When people think of six-cylinder motorcycles they naturally think Honda. From the six-cylinder 250cc GP racers that enjoyed great success at the Isle of Man TT and in Grand Prix Motorcycle Racing during the 1960s. Then of course there is the famous in-line six of the Honda CBX1000 of 1978, through to the flat-six of the current generation Gold Wing. Honda is somewhat synonymous with six-cylinder motorcycles.
Of course BMW currently has the very impressive K1600 line-up of touring motorcycles, and the likes of Benelli turned out six-cylinder motorcycles as far back as 1973 with the original Benelli Sei, the first production road going model to utilise six-cylinders.
And then of course there was the incredible V6 Laverda endurance racer! Just look at that beautiful bank of six Dell’Orto carbuerettors nestled in that 90-degree vee. Art!
Many though forget the muscularly handsome Kawasaki KZ1300 that was released in 1979.
It looked tough, with a sculpted modern style to its crankcases and cylinder block which, thanks to water-cooling, was notable at the time for its absence of cooling fins.
The shaft-driven beast tipped the scales on the wrong side of 300 kg but found many followers during its ten-year production run. It also had a spin-off touring variant known as the Voyager.
Power from the original 1286cc engine was a claimed 120 hp at 8000 rpm with 116 Nm of torque peaking at 6000 rpm. The engine was of an undersquare configuration with the 71 mm stroke much longer than the 62 mm wide bore size, to help reduce the width of the engine and boost torque.
The first model years saw the DOHC 12-valve engine fed by three Mikuni 32 mm CV twin-throat carburettors before Kawasaki then switched to fuel-injection in 1983. With EFI came an increase in power to 130 ponies.
UK tuner Allen Millyard also made a V12 version of the Z1300 by mating two of the six-cylinder donks to make a 70-degree V12! Give me some of the drugs that man is on! A bit of his engineering brilliance wouldn’t go astray either…. We have included a video of the Millyard V-12 further below also.
In an earlier column for MCNews.com.au Phil Hall reflected on the efforts to race the Z1300 in Australia that we also include here. Back in those days if the company made it, then the company ensured someone raced it!
Kawasaki Z1300 Australian Racing History
In 1979 a well funded team entered two Kawasaki Z1300 machines for the Bathurst races at Easter time.
One was to be ridden by the Kiwi ace, Graeme Crosby and the other by one of the Blanco brothers (sorry, I can’t remember which one). However, after the first practice session, Croz returned the bike to the pits, jumped off and threw the bike against the wall of the tent, muttering in terms that were undeniable in their meaning and unrepeatable here that he wasn’t going to ride that *&&^%^%$ thing.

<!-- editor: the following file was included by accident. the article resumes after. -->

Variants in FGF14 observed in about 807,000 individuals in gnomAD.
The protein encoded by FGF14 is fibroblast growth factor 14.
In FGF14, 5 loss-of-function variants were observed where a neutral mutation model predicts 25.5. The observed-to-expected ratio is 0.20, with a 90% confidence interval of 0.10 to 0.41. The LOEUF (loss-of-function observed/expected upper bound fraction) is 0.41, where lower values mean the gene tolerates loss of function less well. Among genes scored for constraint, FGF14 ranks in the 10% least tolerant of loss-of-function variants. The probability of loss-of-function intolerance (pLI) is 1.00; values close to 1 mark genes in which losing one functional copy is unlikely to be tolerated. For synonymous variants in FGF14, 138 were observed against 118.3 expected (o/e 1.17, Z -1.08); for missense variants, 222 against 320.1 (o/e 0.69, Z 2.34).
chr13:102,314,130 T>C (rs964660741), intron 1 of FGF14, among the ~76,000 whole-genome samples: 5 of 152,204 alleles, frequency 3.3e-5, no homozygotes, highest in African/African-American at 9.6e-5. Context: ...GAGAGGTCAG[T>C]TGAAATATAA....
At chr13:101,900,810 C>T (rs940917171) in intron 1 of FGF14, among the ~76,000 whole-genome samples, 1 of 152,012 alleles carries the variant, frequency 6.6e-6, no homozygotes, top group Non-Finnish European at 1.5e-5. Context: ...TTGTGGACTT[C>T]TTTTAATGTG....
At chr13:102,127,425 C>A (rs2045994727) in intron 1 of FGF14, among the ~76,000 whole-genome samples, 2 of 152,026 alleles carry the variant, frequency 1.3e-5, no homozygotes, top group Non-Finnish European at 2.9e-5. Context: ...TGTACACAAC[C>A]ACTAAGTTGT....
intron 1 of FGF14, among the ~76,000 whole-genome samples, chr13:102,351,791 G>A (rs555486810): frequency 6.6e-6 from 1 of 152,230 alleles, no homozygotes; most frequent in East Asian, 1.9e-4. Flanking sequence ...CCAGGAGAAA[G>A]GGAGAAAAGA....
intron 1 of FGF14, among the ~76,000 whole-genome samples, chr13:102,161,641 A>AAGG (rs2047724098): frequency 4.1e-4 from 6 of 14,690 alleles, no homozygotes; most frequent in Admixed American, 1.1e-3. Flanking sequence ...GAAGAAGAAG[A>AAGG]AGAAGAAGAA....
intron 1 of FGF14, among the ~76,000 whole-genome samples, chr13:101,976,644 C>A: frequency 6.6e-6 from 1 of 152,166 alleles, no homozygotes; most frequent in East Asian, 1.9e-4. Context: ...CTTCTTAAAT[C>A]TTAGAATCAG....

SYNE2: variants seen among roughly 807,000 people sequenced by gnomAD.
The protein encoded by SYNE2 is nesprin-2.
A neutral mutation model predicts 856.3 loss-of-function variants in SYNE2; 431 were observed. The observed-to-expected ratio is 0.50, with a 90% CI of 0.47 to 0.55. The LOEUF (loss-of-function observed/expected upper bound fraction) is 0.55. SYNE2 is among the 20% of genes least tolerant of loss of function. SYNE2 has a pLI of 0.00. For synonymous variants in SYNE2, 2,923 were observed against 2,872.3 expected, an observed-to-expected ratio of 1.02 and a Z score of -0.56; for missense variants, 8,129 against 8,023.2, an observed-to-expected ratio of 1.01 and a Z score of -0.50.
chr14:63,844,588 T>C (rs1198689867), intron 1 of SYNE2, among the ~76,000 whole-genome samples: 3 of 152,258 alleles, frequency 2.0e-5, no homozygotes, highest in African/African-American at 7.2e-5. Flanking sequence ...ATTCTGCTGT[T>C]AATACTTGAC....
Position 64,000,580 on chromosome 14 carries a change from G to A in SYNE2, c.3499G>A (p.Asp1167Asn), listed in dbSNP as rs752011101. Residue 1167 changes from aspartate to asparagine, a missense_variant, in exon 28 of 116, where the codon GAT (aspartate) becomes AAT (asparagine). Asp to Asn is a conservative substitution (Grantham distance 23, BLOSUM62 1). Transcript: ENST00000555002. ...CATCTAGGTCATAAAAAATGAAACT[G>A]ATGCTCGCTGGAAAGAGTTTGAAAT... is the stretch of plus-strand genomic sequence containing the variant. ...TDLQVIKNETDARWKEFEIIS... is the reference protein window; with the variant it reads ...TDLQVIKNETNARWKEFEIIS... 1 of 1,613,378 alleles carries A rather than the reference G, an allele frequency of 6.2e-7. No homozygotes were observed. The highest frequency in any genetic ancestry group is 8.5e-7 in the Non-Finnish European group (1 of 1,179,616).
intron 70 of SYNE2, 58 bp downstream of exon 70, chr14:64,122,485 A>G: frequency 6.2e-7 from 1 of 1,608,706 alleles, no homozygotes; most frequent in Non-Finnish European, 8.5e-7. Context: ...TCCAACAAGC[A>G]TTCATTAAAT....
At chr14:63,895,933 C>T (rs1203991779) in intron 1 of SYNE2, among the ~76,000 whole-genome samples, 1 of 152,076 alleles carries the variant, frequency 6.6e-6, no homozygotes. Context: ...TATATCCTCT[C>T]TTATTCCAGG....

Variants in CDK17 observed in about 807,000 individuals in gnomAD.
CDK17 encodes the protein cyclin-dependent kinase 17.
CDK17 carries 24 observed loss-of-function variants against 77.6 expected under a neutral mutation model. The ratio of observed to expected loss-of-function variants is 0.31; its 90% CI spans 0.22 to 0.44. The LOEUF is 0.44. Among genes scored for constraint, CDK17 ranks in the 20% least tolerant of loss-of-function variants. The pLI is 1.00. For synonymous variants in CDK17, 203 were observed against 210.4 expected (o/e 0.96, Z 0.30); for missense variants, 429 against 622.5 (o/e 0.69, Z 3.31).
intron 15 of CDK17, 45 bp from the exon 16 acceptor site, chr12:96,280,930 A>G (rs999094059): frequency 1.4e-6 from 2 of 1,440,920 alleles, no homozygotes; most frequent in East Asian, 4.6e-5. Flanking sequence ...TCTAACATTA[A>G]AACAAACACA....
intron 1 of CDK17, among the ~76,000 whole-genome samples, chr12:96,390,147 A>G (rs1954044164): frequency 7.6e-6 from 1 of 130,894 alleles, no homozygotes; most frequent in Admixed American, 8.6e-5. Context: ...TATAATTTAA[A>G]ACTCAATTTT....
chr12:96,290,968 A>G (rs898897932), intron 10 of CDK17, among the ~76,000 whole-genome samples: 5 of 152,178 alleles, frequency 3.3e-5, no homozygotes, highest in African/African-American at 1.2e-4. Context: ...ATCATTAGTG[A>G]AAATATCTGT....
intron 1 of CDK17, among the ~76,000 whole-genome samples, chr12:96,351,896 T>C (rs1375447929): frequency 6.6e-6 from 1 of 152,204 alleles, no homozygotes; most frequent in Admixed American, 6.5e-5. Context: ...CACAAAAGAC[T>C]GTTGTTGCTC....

With numerous Honda CBX’s still entered and circulating, it was vital for Kawasaki to find a good rider to replace him, and find one they did. The by-now legendary Kawasaki stalwart, Gary Thomas was drafted in and quite unwittingly helped to tell one of the great Bathurst stories.
The Production Race soon became a brawl between Thomas on the amazing six and Honda’s trump card, Tony Hatton on a more conventional CB900/4 Bol d ‘Or.
Rumours and protestations continue to this day concerning the legality of Hatton’s mount but, that aside, the race was a cracker. Against all the odds, Thommo took it to Hatton and made old 55 pull out every bit of skill and daring that he possessed.
Gary was blindingly fast on the two long Bathurst straights aboard the Kawasaki, leaving Hatton in his wake. But, over the top of the mountain in the twisty bits, Hatton regained the ascendency as the Kawasaki added lightness by grinding large parts of its undercarriage away on the unforgiving track surface.
Hatton, cagey devil that he was (still is), waited till the end and, knowing that the big heavy K was running out of brakes at the end of Conrod Straight, he pulled out and executed the perfect inside pass and won the sprint to the line.
It was an amazing race and prompted the Crawford brothers to use the bikes again in further races, but never with the success that Thomas had achieved that day.
Kawasaki sold over 20,000 of the Z1300 variant over the ten-year production run of the model. Kawasaki Australia living legend Murray Sayle told us that, from memory, the model only had a three-year run in the Australian market.
This video below demonstrates the unique sound of the Z1300 during a lap of Spa. The Kawasaki sound differs greatly from that emitted from Honda’s air-cooled CBX. Enjoy.